The modern Strand follows the course of Akeman Street, a Roman road running parallel to the river, towards Chiswick from Roman London.[4] Together with Aldwych, it has been a major settlement area since Saxon times outside of the old Roman city walls. In the Middle Ages it became the principal route between the separate settlements of the City of London (the civil and commercial centre) and the Royal Palace of Westminster (the national political centre). In the archaeological record, there is considerable evidence of occupation to the north of Aldwych, but much along the former foreshore has been covered by rubble from the demolition of the Tudor Somerset Place, a former Royal residence, to create a large platform for the building of the first Somerset House, in the 17th century.[5]


From the twelfth century onwards large mansions lined Strand including several palaces inhabited by bishops and royal courtiers, mostly located on the south side, with their own river gates and landings directly on the Thames.[6] Those on the south side of the street were, from east to west:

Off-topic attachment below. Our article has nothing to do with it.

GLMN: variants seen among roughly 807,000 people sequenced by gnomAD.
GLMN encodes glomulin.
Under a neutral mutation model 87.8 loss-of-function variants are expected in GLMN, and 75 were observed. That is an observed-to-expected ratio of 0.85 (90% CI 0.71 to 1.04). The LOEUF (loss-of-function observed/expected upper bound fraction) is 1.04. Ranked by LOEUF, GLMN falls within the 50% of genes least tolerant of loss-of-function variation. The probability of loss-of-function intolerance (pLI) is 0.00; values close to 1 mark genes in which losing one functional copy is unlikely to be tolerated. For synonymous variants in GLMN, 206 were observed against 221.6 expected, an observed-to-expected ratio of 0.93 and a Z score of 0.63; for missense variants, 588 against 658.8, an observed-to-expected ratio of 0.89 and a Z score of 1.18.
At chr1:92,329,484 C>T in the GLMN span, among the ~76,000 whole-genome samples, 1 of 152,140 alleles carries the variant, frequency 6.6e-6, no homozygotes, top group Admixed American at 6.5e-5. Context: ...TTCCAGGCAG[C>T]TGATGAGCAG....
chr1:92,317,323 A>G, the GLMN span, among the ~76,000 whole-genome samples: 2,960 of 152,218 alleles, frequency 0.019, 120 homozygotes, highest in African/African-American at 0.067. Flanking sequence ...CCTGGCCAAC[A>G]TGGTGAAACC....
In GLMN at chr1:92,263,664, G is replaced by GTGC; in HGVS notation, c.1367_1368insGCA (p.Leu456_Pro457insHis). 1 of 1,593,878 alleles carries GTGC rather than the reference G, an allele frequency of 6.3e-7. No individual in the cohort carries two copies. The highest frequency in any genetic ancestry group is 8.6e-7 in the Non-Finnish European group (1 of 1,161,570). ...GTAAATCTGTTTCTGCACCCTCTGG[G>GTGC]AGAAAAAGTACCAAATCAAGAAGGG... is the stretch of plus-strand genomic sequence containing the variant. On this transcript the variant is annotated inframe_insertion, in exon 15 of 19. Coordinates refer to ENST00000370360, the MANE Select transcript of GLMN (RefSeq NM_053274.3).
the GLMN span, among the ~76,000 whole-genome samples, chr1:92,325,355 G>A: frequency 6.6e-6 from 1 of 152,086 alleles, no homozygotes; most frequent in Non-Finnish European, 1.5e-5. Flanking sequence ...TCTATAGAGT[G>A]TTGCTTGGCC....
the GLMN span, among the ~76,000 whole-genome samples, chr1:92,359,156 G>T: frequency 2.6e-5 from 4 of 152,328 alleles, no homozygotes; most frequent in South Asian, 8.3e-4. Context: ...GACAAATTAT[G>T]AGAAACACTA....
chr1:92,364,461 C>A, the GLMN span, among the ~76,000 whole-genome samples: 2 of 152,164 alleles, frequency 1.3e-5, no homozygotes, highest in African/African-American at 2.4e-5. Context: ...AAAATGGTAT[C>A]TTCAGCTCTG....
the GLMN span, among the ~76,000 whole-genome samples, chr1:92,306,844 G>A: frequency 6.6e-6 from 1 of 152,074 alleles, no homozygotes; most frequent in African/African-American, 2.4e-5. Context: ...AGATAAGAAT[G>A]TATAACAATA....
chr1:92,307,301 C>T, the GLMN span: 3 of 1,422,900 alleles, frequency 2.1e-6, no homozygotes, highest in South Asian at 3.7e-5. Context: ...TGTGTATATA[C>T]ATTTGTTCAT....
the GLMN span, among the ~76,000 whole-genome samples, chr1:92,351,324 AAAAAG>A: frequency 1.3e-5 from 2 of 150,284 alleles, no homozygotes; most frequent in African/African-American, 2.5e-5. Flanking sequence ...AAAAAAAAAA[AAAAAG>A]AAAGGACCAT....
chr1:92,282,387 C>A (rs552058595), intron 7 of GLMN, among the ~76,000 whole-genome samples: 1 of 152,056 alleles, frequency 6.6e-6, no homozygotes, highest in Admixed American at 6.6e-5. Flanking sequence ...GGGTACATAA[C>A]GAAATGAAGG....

A 19th century print showing St Mary-Le-Strand and the Strand front of Somerset House.

On the north side of the street were:

  • Cecil House, also called Exeter House or Burghley House, was on the north side of Strand; it was built in the 16th century by Lord Burghley as an expansion of an existing Tudor house.
  • Bedford House.
  • Wimbledon House.

Apart from the rebuilt Somerset House, all these grand buildings are now gone, and are overlaid by later streets lined by humbler tenements. These were built by property developers on the sites of the old mansions, from the seventeenth century onwards. A New Exchange was built on part of the gardens of Durham House, in 1608-9, facing Strand. This high-class shopping centre enjoyed considerable popularity but was eventually destroyed in 1737.[10] From this time the area acquired a dissolute but lively reputation and became notable for its coffee houses, low taverns and cheap women.

Later history